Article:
Almost anyone I have ever mentioned this book to in the past has told me they hated it. I read it back in 7th grade for Battle of the Books and loved it, and it left quite an impression on me.
It’s set in the future, where jobs are doled out to people at a certain age. Every so often, when the giver is unwell, a new child must be selected to take his place. He’s called the giver because he gives memories and emotions for the new child to experience. Things like love, grief, pain, and other feelings have never been experienced by the future children. Love is actually an archaic word. Children are bred from mothers and fathers whose job alone is to breed for the others, and marriages are arranged by those in charge. Then children are given to these people.
The only person that knows what real love was and pain, and grief and other emotions and experiences, is the giver, followed by the child meant to take his place in old age.
It is kind of bitter and heavy for that age group, leading a lot of people to think of it as age-inappropriate, but I remember being fascinated by the book’s premise.
This was required reading in English class in high school, but I can’t remember which grade. For those of you that haven’t read it, it is actually a very political book. Animal Farm is banned in many countries because of the message behind it.
The reason I chose this book for today is because most of my adolescence and teen years in general, I was the kid that didn’t want to fit the mold, but felt like I had to be shoved into the mold and locked in and conform. I had (have) a religious family, live in the South (some of you southerners will know why this is worth mentioning), and I desired more.
This book, in an nutshell, is about overthrowing a leader when oppressed. It taught me that it actually isn’t okay to let people in authority trample all over you and oppress you. It taught me that breaking free of the mold is worth fighting for, and I attribute many of my current personality traits to what this book showed to me.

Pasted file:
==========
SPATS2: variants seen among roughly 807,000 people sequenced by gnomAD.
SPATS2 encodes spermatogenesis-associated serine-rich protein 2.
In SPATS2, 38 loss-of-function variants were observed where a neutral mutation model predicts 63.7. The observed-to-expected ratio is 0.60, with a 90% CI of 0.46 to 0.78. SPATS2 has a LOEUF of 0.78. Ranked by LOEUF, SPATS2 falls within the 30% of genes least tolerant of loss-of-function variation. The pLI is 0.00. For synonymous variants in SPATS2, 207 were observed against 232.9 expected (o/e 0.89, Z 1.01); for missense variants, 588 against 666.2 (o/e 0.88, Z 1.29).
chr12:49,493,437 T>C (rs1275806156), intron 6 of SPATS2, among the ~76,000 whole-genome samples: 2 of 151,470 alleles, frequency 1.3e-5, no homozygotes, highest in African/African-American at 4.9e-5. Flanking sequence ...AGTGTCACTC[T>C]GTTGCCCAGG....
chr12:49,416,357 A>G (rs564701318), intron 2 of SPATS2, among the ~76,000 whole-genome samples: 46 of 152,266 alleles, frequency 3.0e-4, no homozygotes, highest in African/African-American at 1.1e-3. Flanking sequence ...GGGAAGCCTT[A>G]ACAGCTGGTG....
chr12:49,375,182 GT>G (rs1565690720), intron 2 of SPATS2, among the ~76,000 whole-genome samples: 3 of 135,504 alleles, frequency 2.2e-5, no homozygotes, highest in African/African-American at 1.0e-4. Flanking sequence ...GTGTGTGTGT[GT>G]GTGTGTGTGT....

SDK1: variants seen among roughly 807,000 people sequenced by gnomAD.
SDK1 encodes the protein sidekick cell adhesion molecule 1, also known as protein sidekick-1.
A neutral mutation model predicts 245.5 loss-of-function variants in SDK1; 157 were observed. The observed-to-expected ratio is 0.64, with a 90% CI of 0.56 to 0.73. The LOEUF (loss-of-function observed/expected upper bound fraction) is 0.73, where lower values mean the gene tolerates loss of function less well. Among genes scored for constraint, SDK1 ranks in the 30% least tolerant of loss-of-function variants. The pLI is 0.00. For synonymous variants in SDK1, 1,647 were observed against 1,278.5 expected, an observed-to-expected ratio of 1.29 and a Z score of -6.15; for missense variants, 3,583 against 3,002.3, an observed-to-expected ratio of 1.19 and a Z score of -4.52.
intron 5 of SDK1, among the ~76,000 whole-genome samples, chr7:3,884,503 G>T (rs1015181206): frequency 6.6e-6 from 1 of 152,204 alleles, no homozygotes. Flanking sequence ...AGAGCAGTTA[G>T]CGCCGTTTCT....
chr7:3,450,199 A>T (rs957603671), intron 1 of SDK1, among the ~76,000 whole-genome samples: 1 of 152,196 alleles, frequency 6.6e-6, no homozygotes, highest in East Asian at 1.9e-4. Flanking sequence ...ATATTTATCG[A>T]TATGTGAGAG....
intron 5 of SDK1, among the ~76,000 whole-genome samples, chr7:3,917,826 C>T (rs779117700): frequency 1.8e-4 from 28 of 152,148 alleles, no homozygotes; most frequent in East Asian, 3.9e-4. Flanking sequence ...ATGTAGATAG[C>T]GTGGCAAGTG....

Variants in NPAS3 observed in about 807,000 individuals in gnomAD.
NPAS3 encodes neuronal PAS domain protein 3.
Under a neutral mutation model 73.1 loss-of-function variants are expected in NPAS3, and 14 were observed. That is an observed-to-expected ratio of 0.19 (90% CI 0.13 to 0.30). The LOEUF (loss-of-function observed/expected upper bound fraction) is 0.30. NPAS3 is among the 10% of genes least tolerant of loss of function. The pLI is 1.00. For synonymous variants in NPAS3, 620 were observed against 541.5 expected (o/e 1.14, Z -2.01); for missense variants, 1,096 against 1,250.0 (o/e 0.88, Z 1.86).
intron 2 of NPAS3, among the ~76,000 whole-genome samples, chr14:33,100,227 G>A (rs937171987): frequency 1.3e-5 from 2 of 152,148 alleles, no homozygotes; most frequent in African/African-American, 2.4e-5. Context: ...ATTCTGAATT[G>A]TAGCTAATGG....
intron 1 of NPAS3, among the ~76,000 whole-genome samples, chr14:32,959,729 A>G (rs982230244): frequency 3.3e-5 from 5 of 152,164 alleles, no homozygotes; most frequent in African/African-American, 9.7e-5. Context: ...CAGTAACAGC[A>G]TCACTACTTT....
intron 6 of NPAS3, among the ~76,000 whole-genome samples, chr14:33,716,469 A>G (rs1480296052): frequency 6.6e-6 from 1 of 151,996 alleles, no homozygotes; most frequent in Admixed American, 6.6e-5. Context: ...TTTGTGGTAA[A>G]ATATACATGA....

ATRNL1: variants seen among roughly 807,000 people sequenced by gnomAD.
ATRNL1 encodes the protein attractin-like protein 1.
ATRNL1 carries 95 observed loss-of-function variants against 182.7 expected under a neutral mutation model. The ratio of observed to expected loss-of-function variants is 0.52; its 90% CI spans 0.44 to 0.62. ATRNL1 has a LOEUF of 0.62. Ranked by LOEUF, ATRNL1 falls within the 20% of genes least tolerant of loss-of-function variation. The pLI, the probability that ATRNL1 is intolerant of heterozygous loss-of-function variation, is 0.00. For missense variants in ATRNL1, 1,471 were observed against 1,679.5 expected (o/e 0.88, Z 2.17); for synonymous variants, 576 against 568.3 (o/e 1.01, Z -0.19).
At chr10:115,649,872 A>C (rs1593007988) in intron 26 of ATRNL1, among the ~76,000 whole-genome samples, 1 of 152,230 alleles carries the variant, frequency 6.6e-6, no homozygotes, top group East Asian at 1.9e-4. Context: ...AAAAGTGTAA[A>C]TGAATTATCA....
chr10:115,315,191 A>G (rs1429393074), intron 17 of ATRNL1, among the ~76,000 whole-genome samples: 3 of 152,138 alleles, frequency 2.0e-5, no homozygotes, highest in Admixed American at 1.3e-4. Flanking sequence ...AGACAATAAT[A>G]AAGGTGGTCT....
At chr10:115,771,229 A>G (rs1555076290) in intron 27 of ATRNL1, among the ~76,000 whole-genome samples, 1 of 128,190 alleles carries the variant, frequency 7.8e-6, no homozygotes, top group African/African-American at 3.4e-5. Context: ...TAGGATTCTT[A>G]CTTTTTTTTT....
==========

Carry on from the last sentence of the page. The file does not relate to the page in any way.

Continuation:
Was it violent? Yes, but it served as a much needed wake up call to a younger me that I didn’t have to conform. I could be my own person. I could be whatever I wanted to be and if someone wanted to take away those freedoms, I have the right to stand up for myself. I would never kill anyone, but I am quick to take up for myself now, which is something I never used to do.
Maybe this is cheating because Girl, Interrupted is more of a memoir, but it was the only “character” that I felt I related to.
Girl, Interrupted is the memoir of Susanna Kaysen, a young woman who goes to a mental hospital for a couple of years.
I should start off by saying that I have never been to a mental hospital, but both I and the author of this book suffer from a mental disorder called Borderline Personality Disorder. In addition to that, I have other mental illnesses, but it was the way she wrote the book and her experiences while at that hospital that touched me. She struggles with self image. She struggles relating to the people around her. Some days, she thinks she is a lot crazier than she is, and I KNOW those feelings. I know those struggles despite having very different circumstances.
So while it may be a ‘cop out’ since I’ve chosen a real person and not just a character, Susanna Kaysen was the only person that came to mind.
Also, the movie is different from the book in a lot of ways. Good movie, poignant book.
My mom bought this for me at Dollar General my junior (?) year of High School. She was hesitant because of the use of magic, but I convinced her since it was so cheap.
I fell in love with this book. I need to read it again because my memory is fuzzy. I even got my English teacher to read it because it tied in with some things we were learning in English class.
It’s a romance with a love triangle, but it is very well written and has some sweet moments and some rough moments. You can read reviews for a better idea of what this book is about, but I highly recommend it.
A book you wanted to read for a long time but still haven’t.
This book. Okay, where do I begin?
I’ll start off by saying that this is an erotica book. There is a movie based off of it that my partner and I own. The movie is steamy and has one of our favorite actors in it (Eric Balfour). We bought it on a whim because we were collecting his movies, then I found out that the movie was based on a book and thought it might be a fun read.
The movie is supposedly banned in 12 countries, by the way.
Anyway, the only reason I haven’t read this yet is because it is out of print! The only copies I have ever found were in the $100+ range, and I find that to be insane for a used book.
I’ll just have to cross my fingers that I’ll get a copy some day. I know there is more of a storyline than the movie offered, and I want to know everything!